Now I know that the title of this blog post is a lot more excited than a rational person should be about having made some yoghurt at home. After all, plenty of people do it all the time. But somehow whenever I tried, something or other had gone wrong and I ended up with something not quite the same as yoghurt. Let me walk you through my failed experiments.
1. Nothing much happened…
I don’t recall whether I actually followed a recipe or not, but my first try, many months or years ago may have come from the reasoning that, yoghurt is just milk changed by bacteria. So let’s just mix some milk with some yoghurt and see what happens.
Nothing happened. Even after keeping the mixture in the airing cupboard which does get cosy and warm whenever the heating is on. I ended up with just very watery sour smelling stuff that didn’t make me want to eat it for breakfast. Still it didn’t smell all that bad so I cooked with it and nobody got ill.
Cause of failure: I didn’t heat the milk. The bacteria never got a warm enough environment to do their work and thus the yoghurt never set.
Or: The yoghurt used as a starter didn’t have live bacteria in it. Unless the yoghurt you use is labelled to contain “live/active cultures”, “live bacteria” or is “probiotic”, don’t bother with it. It’s not going to make milk into yoghurt.
Or: You heated the milk, and added your starter yoghurt when it was still too hot and thus killed all the bacteria. A good guideline would be to make it comfortable to touch. I’m not a clean-freak so I tend to test the milk temperature by dipping my finger in it. (Don’t worry, I do wash my hands before doing that)
My second try, a few weeks ago did cause a change to be seen in the milk/yoghurt mixture! As I opened the containers of yoghurt and tilted them, the result looked promising indeed! The yoghurt seemed to have set! However as I tried to take a spoonful out I quickly noticed that something was wrong. Rather than breaking up, the “yoghurt” sort of held together in until it tore off the spoon in rather gelatinous globs. I had created Yoghurt slime.
Once again, this sort of texture didn’t inspire me to eat it. Although it smelled yoghurt-like and not offputting, so I finally forced myself to try a little bit. The gooey texture was obvious even in the smallest drop of it. It was simply hideous and I knew I had failed once again.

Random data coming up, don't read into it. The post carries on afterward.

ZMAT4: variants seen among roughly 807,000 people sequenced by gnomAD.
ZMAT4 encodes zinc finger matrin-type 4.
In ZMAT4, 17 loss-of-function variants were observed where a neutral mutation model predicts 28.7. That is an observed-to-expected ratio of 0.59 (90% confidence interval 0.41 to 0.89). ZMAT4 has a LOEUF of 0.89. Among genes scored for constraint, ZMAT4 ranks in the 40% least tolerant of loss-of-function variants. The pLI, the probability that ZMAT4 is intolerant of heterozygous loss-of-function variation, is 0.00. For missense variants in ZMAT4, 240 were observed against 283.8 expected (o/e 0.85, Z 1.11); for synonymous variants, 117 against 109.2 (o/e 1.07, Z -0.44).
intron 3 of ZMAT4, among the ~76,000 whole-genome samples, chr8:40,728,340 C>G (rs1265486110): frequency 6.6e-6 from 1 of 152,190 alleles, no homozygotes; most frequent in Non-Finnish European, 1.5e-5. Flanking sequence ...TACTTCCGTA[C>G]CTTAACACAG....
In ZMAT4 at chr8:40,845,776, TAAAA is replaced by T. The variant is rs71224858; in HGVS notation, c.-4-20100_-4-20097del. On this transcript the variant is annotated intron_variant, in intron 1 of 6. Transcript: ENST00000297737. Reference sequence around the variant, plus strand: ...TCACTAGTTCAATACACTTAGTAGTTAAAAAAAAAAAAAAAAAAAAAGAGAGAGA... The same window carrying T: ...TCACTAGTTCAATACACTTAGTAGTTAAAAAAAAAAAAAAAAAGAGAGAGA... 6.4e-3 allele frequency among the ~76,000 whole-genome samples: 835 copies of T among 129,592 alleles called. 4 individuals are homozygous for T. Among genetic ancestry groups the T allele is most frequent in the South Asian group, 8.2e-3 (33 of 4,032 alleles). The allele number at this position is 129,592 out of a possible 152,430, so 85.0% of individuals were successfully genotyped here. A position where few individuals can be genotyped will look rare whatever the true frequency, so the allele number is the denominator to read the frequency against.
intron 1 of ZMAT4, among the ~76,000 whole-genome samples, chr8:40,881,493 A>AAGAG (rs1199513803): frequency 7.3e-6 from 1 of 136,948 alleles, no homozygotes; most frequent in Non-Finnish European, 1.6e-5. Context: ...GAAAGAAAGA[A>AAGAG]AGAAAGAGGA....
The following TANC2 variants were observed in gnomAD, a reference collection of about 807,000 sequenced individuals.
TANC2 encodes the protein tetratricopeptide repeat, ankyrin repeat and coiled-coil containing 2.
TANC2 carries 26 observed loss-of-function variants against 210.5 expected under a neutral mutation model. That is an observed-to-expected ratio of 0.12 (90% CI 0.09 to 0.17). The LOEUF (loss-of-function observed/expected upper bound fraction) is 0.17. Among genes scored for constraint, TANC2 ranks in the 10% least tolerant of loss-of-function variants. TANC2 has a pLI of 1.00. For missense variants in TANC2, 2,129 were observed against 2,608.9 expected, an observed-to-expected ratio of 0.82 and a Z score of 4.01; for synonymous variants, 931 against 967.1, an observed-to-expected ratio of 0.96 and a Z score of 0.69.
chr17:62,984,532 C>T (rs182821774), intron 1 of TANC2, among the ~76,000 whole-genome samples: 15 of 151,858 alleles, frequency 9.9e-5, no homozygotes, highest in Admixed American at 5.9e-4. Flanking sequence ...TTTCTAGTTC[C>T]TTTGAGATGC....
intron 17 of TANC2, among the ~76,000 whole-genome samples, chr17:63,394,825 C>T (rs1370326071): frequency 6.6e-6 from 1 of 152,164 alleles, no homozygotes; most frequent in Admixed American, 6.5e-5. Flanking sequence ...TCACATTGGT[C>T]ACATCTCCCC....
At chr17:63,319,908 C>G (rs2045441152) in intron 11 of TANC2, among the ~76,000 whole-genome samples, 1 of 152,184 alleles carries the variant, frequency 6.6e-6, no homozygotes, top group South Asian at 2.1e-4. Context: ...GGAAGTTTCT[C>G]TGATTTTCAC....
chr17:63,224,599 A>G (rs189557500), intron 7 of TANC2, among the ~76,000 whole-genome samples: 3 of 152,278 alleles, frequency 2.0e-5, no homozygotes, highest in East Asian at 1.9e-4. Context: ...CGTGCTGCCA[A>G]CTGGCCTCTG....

Cause of failure: After some online research I came to the conclusion that although I had heated the milk beforehand, I didn’t heat it enough. Apparently the protein in the milk causes long strands to be formed when the yoghurt sets, which makes the texture slimy. To counter this you have to boil the milk first to break up the proteins that cause this phenomenon, then cool it down to a cosy, lukewarm temperature before adding your starter yoghurt.
3. It’s liquid and smells rank
My third try at yoghurt making failed as well I’m sad to say. I boiled the milk properly, cooled it down, put the starter yoghurt, and checked after keeping it in the airing cupboard over night. It was liquid. So I decided to give it more time in a warm oven (heat at whatever the lowest temperature is, until it feels cosy when you stick your hand in the oven. Then put the yoghurt in there).
After a few more hours I decided that I couldn’t possibly justify keeping it in there any longer and put it in the fridge. It was still liquid. A day later I decided even if it’s liquid, I might as well try it and use it for cooking and when I opened it, it smelled bad and along the sides the white yoghurt was showing a tint of orange / yellow. I threw it away.
Cause of failure: Much like the first experiment, I don’t think it got warm enough to set. And then putting it in a warm oven just caused it to go bad. It could also be that the container wasn’t fully clean.
Now, you may wonder what I did to actually succeed in the end?
Making your own Yoghurt
Milk (the more fat in the milk, the creamier the yoghurt gets supposedly. I used whole milk)
Yoghurt (the type that’s still live/active/probiotic!)
In a large pan, boil the milk until it froths up. Turn off the heat and let it cool down until it’s warm to the touch. Like a nice, warm shower (whatever you do, it shouldn’t be stinging type hot). If (like me) you forgot about the milk on the stove, heat it back up again until it’s nice and warm.
Mix in about two heaped table spoons of yoghurt to around 2 pints of milk. I don’t know if this is the scientifically correct ratio, but it worked for me.
After it’s properly combined, fill the yoghurt into a suitable container. Since I’ve had bad luck using individual glass jars, my last attempt was in a ceramic casserole dish with a lid.
Since I didn’t think my airing cupboard stays warm enough over night (we have the heating off at night), I preheated the oven at around 60 degrees Celsius until it felt nice and cosy, and put the dish in there. This was at around 6 in the evening. After dinner, perhaps around 10 at night, I turned the oven on for a little bit again to warm it back up. Then I left the yoghurt in there over night with the door shut.
In the morning it had set nicely, tasted extremely mild and smelled of yoghurt. And it wasn’t slimy! Success!